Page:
Rain on Friday morning will clear to sunny spells and scattered heavy and blustery showers.

Some thundery falls are likely across eastern counties later, with possible hail and spot flooding.

Friday afternoon will see temperatures of 13°C to 16°C or 17°C, highest further east.

Moderate southerly winds will veer westerly and freshen as the early morning or overnight rain clears.

Friday night will consist of heavy showers. However, they will ease early in the night, becoming more isolated and mainly confined to Atlantic coasts.

It will be largely dry elsewhere, with long clear spells, but cloud will build from the southwest later in the night.

Lowest temperatures of 6°C to 9°C, with light to moderate southwest winds.


After a largely dry start to the morning with the best of the early sunny spells in the southeast, cloud will continue to build from the southwest on Saturday, with scattered showers developing.

These showers will be most frequent in the west and north, with good dry periods elsewhere.

Towards the evening, a few more sunny spells will develop. Highest temperatures of 14°C to 17°C generally in mostly light to moderate southwesterly winds, increasing strong at times on western coasts.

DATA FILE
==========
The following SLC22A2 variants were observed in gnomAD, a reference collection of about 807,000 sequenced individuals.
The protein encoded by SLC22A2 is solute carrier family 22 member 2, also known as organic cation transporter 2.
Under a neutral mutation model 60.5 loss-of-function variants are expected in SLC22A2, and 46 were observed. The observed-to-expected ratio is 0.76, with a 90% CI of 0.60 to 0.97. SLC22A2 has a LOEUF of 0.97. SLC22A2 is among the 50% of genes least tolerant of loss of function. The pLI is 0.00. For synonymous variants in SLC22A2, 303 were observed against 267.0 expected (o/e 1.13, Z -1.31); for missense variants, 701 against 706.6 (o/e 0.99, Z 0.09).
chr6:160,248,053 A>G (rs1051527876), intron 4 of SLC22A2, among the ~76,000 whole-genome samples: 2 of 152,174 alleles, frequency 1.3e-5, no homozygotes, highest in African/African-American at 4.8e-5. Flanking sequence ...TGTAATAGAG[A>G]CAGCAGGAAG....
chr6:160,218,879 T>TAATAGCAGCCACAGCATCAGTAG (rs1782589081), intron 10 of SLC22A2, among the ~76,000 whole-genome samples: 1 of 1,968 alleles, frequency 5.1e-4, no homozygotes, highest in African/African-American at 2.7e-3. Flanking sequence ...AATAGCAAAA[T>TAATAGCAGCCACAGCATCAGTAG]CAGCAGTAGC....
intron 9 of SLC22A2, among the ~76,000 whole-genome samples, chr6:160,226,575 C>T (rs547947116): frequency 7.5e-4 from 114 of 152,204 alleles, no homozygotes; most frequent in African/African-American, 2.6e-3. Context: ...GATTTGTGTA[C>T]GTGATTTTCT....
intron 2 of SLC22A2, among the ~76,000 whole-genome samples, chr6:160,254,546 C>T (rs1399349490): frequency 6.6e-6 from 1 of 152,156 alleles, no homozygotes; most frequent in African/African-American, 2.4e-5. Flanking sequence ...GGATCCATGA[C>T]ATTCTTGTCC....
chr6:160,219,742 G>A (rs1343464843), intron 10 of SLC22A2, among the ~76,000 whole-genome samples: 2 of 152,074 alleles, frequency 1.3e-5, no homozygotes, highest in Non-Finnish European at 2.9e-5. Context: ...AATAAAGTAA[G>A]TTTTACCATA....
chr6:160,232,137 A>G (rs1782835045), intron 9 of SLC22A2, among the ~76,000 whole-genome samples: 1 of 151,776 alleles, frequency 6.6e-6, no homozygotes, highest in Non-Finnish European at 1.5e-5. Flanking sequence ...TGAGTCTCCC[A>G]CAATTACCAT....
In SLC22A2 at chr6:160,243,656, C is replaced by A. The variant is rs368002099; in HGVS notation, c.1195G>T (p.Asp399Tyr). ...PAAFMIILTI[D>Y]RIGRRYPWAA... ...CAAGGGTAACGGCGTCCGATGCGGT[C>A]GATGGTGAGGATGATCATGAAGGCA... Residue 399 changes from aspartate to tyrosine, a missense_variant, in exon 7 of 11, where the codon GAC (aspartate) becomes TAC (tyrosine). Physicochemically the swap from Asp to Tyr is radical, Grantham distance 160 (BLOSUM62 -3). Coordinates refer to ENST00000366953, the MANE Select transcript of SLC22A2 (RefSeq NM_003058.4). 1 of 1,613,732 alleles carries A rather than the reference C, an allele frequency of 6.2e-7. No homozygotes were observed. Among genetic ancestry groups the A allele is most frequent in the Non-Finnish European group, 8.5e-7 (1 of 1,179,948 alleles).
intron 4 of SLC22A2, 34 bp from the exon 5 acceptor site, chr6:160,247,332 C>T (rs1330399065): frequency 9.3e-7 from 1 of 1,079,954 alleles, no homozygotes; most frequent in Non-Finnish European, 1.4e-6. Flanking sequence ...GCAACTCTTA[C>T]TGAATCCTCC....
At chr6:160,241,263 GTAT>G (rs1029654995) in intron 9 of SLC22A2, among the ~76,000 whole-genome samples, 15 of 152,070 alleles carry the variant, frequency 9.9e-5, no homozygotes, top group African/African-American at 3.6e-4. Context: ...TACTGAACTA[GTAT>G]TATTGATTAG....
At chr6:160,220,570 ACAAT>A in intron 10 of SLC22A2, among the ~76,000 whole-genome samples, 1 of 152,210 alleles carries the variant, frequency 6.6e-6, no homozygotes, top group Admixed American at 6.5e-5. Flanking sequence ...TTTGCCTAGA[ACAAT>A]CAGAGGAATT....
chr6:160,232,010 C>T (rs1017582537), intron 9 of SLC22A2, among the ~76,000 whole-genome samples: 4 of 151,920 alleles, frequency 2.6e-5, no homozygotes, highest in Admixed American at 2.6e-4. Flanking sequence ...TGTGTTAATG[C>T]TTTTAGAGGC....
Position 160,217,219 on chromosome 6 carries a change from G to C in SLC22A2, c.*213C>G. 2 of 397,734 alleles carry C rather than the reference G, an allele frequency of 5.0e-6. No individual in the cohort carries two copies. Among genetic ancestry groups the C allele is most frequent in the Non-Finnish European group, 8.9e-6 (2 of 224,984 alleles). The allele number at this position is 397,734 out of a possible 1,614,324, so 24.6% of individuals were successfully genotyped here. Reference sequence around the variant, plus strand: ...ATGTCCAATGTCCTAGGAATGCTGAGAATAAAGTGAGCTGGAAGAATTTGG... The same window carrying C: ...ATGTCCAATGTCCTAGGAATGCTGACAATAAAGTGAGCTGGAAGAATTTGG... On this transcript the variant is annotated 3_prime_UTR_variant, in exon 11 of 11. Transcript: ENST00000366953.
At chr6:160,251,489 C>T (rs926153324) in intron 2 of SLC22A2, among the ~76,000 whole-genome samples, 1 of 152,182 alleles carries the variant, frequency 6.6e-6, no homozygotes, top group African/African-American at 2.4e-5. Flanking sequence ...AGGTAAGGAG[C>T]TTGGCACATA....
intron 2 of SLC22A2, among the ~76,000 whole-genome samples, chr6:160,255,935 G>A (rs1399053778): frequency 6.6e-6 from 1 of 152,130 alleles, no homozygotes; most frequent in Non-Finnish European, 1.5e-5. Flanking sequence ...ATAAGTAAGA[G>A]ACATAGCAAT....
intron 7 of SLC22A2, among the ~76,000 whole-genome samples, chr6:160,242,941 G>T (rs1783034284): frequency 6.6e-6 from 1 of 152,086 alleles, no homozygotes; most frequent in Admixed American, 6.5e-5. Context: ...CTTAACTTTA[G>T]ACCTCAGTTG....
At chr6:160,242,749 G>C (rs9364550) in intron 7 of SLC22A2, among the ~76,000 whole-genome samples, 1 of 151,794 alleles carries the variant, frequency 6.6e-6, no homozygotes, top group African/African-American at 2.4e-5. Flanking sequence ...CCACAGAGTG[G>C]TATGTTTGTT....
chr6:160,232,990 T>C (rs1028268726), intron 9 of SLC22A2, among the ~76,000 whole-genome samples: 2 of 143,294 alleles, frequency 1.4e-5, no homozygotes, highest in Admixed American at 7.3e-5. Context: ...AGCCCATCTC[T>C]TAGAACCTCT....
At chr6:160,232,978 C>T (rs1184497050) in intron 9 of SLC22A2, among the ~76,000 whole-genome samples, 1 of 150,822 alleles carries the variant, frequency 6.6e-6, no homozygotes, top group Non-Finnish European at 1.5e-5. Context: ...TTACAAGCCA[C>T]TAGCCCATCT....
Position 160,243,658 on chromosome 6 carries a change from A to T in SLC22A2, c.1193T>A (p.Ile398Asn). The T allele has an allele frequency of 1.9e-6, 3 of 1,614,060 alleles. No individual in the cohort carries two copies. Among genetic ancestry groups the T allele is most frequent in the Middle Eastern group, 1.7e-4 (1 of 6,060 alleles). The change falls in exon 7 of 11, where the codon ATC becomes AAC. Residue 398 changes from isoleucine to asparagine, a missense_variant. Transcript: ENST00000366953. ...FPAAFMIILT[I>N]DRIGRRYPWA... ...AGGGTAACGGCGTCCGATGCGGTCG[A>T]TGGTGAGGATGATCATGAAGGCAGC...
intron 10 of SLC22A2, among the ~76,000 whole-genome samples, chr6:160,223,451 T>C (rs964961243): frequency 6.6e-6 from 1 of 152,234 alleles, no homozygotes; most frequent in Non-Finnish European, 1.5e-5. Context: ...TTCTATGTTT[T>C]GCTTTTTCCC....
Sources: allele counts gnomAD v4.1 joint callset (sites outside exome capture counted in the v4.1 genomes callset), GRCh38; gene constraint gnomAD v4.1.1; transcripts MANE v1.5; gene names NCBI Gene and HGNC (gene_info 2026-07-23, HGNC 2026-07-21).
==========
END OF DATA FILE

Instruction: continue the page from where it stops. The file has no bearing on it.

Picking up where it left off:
Saturday night will be a mild and humid night, with a good deal of cloud. Showers will persist mainly along Atlantic coasts.

It will be drier further east, with just a few odd showers occurring. Met Éireann has said that temperatures won't fall below 10°C or 11°C in mostly moderate southerly winds.


Sunday will start off largely cloudy as showers extend across much of the country, but remaining most frequent in the west and north, with the best of the dry periods in the east and southeast.

Later in the afternoon and evening, the cloud will break up, allowing for good sunny spells to develop. Highest temperatures of 14°C to 18°C or 19°C, mildest in the east, in moderate southwest to west winds.

Management notes


Aidan Brennan takes a look at how best to manage the introduction of bulls into the dairy herd after the period of AI is over.


Darren Carty says that many merchants report that the low value of wool in recent years has in some cases led to a significant deterioration in the quality of wool presented for sale.


The year has taken us quickly into the main fungicide season, with the T2 on winter wheat, final sprays on winter barley and fungicides on spring barley and possibly spring oats, Andy Doyle reports.


Adam Woods has some helpful tips and advice for drystock farms around rush control, red water and keeping an eye on stock bulls.